If you are a doctor or health care professional, you are probably very familiar with the ICD (for those outside the field, it stands for International Classification of Diseases and is the system of codes used for medical billing and reimbursement purposes). The United States medical system is slooooooowly transitioning from using ICD-9 codes to ICD-10 (most industrialized countries made this switch several years ago), with a compliance deadline of October 1, 2015. (The deadline is October 1st) If you are not in healthcare, please be prepared to be empathetic toward your medical providers after October 1st, as they will be stressed with a major cash flow problem!
This transition is much needed–the more specific data that the updated version will provide is expected to improve diagnostic trends and responses to epidemic outbreaks and bioterrorism events–but it also comes with some major headaches as systems are updated and physicians are educated on how to implement the new codes in their practices.
Submitting claims is the primary revenue stream for most medical practices. In order for a claim to be paid, there are many components: EMR Software, Medical Billing Software, Clearing Houses and all the Insurance Payers (Medicare, Blue Cross, Humana, etc.). All of these “components” have had to invest a lot of money to transition to ICD-10. The Department of Health and Human Services published a regulation requiring this update back in 2009. It has been delayed for many years. However, it seems very unlikely that it will be delayed again this year.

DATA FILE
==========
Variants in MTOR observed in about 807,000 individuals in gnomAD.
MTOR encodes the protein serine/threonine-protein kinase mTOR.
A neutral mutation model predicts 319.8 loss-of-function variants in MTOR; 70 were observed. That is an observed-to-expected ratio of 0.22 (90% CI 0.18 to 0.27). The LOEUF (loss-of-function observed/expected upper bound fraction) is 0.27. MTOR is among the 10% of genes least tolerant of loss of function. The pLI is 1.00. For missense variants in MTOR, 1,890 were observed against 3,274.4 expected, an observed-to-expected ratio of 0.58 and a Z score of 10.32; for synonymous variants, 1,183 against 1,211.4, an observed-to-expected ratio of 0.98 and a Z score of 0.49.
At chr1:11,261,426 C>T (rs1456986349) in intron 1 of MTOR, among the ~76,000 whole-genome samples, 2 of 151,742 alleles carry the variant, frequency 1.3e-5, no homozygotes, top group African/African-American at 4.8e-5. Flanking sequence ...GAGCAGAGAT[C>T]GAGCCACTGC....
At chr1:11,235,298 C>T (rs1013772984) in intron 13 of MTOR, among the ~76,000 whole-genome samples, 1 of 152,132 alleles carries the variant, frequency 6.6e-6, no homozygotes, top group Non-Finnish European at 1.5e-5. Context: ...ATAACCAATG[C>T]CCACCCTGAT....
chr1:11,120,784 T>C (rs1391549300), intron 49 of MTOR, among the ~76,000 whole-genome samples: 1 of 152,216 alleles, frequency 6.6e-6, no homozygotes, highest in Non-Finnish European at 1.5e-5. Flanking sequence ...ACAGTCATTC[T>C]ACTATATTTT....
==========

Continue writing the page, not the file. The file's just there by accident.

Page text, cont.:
On the financial side, this is also going to cause CASH FLOW problems. Medical billing is already a fraught process that can cause cash flow problems. It is not uncommon that it can take (on average) 30 days for a claim to be paid, 30% might be rejected, and 49% of patients don’t pay their bills. The 49% of patients that are not paying their bills is likely due to the patient not even being billed correctly or at all by the doctor for the balance due. The patient may not understand why they owe the money and the doctor’s office may not even follow up or have a good collection process in place. In today’s environment, it is a challenge for a doctor to get paid for your office visit!
The ICD-10 transition is estimated to cause a huge increase (as much as 100 to 200%according to studies by Medicare/Medicaid!) in claim denials, making this tricky process even more difficult to manage. In order for a claim to be paid, it has to be processed correctly through the EMR software, to the Billing software, to the Clearing House, and to the Insurance Payer. There is an opportunity for a claim to be denied/rejected or its processing slowed down at any one of these components, as each will have challenges with accepting the new codes.
The cash flow experts at Centennial Revenue Management can be valuable partners in this transition, helping medical practices navigate these changes. Our financial forecasting and modeling tool will give you an accurate projection of what your cash flow will look like going into this transition so that you can proactively reduce expenses and create strategies to offset the decline in revenue. We can also help you model the effect of lines of credit or restructuring debt.
Make sure you aren’t caught out when the new coding goes into effect! Protect yourself against a predicted decline in revenue by working with Centennial Revenue Management on cash flow forecasting. Contact Debra Robinson at DRobinson@CentennialRevenueManagement.com for a free consultation.